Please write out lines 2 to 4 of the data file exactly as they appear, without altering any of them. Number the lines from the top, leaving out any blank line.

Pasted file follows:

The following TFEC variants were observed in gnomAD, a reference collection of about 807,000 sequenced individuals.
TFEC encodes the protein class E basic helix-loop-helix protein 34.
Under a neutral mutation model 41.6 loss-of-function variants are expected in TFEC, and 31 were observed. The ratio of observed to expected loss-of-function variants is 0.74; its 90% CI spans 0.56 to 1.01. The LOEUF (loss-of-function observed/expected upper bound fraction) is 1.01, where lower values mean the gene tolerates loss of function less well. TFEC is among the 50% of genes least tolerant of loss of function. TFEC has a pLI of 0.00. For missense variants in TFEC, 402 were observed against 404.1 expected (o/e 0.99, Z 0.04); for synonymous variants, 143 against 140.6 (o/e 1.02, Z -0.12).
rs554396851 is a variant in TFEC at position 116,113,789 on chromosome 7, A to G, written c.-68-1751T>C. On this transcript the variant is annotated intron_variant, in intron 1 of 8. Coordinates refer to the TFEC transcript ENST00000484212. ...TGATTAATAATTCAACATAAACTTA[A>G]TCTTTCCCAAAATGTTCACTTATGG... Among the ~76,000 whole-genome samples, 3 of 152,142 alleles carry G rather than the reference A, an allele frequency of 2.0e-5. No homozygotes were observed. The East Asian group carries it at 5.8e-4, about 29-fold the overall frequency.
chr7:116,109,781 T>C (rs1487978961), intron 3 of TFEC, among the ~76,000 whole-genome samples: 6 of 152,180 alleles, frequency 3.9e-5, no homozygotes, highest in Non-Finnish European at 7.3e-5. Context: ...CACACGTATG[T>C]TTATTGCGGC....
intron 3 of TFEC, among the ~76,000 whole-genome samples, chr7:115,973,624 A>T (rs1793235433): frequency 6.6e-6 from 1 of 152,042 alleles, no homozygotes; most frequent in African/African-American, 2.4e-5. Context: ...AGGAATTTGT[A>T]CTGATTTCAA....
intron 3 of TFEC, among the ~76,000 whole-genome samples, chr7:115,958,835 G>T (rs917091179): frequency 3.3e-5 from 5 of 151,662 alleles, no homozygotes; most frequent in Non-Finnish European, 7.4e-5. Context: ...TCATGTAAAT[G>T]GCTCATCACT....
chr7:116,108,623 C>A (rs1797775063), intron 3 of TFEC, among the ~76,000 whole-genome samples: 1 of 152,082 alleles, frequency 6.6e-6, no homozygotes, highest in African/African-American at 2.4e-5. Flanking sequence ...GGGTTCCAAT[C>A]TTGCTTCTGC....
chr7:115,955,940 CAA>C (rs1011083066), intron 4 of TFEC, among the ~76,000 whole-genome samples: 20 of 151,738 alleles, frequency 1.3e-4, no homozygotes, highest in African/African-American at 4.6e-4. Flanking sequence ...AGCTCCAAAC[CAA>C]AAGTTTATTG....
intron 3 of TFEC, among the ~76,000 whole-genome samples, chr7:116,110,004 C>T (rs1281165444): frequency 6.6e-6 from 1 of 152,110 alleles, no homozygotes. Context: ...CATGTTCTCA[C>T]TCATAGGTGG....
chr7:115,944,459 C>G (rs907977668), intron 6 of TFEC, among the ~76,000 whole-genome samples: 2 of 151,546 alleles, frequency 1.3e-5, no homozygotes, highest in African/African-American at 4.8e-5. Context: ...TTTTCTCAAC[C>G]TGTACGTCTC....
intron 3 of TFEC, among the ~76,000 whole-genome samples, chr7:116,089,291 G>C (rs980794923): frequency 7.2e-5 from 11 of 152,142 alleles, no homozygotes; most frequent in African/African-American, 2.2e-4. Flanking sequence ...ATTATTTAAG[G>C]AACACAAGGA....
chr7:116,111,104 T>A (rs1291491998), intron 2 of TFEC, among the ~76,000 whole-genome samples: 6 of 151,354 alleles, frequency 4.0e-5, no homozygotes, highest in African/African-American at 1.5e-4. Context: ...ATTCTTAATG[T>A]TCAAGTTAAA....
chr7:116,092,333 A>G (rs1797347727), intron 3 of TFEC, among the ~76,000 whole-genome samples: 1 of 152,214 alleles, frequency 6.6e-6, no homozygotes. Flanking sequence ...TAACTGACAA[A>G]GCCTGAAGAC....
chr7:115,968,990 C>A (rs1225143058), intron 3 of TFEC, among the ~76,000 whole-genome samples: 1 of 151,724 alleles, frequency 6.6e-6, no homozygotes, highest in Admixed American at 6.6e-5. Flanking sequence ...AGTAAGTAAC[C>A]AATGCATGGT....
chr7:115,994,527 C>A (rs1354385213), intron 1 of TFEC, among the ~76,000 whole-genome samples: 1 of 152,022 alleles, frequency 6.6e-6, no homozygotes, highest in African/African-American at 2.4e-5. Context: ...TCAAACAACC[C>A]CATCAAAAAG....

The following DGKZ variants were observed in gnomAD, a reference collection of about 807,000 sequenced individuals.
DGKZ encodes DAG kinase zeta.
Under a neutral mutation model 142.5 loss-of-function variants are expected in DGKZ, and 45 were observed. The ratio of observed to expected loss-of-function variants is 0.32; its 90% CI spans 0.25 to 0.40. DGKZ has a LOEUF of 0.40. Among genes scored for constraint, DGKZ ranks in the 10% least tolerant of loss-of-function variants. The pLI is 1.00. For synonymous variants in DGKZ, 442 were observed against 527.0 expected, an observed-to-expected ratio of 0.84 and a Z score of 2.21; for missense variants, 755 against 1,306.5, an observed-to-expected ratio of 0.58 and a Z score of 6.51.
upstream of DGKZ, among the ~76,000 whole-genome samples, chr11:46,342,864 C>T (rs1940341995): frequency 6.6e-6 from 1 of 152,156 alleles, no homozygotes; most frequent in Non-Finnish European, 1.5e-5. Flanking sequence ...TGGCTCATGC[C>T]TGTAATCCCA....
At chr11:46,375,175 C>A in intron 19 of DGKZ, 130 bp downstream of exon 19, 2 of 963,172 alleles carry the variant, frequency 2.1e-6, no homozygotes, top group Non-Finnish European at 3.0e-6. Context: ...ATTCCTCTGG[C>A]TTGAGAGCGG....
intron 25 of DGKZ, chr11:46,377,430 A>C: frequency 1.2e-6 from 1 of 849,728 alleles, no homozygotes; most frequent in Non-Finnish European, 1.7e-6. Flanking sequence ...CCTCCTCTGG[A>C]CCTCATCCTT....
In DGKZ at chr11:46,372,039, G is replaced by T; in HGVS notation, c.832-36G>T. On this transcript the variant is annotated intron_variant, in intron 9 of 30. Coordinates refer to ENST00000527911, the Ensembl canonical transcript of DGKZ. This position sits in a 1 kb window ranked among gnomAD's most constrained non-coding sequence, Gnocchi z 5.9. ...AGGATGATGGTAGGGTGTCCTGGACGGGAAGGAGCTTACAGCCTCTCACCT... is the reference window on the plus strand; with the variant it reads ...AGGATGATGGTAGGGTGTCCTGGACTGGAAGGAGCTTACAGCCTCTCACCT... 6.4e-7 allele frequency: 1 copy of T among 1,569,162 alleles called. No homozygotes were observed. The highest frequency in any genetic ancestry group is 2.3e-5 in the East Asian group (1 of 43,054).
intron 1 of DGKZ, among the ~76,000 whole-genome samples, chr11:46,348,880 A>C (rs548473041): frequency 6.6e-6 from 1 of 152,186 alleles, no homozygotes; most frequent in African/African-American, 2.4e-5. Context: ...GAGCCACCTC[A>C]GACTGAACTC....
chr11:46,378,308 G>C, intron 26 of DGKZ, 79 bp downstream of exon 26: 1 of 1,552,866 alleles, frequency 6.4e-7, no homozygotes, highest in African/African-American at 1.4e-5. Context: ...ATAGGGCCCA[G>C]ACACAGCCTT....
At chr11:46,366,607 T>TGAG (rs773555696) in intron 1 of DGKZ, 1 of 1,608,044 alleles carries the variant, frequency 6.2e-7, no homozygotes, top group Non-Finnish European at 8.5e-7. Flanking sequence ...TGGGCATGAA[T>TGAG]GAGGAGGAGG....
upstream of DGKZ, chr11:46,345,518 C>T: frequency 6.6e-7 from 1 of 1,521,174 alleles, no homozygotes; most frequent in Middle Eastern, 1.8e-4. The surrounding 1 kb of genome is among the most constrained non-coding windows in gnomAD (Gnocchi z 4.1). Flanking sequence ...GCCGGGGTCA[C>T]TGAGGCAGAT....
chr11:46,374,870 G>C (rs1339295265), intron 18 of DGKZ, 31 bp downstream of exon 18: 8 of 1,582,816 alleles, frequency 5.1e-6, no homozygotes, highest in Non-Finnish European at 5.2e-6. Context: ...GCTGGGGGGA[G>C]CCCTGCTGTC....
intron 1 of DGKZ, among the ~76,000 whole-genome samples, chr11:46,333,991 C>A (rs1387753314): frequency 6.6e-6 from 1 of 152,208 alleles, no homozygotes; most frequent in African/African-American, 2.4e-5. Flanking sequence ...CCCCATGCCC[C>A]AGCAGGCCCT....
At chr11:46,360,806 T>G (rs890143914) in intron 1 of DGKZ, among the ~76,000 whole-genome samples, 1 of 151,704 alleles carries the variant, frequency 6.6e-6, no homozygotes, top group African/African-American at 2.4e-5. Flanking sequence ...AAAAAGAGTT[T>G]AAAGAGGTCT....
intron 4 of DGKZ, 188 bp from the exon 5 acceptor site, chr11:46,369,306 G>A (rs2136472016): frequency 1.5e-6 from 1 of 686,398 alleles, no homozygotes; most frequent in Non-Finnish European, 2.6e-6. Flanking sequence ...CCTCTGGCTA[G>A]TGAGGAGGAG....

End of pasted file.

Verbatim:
TFEC encodes the protein class E basic helix-loop-helix protein 34.
Under a neutral mutation model 41.6 loss-of-function variants are expected in TFEC, and 31 were observed. The ratio of observed to expected loss-of-function variants is 0.74; its 90% CI spans 0.56 to 1.01. The LOEUF (loss-of-function observed/expected upper bound fraction) is 1.01, where lower values mean the gene tolerates loss of function less well. TFEC is among the 50% of genes least tolerant of loss of function. TFEC has a pLI of 0.00. For missense variants in TFEC, 402 were observed against 404.1 expected (o/e 0.99, Z 0.04); for synonymous variants, 143 against 140.6 (o/e 1.02, Z -0.12).
rs554396851 is a variant in TFEC at position 116,113,789 on chromosome 7, A to G, written c.-68-1751T>C. On this transcript the variant is annotated intron_variant, in intron 1 of 8. Coordinates refer to the TFEC transcript ENST00000484212. ...TGATTAATAATTCAACATAAACTTA[A>G]TCTTTCCCAAAATGTTCACTTATGG... Among the ~76,000 whole-genome samples, 3 of 152,142 alleles carry G rather than the reference A, an allele frequency of 2.0e-5. No homozygotes were observed. The East Asian group carries it at 5.8e-4, about 29-fold the overall frequency.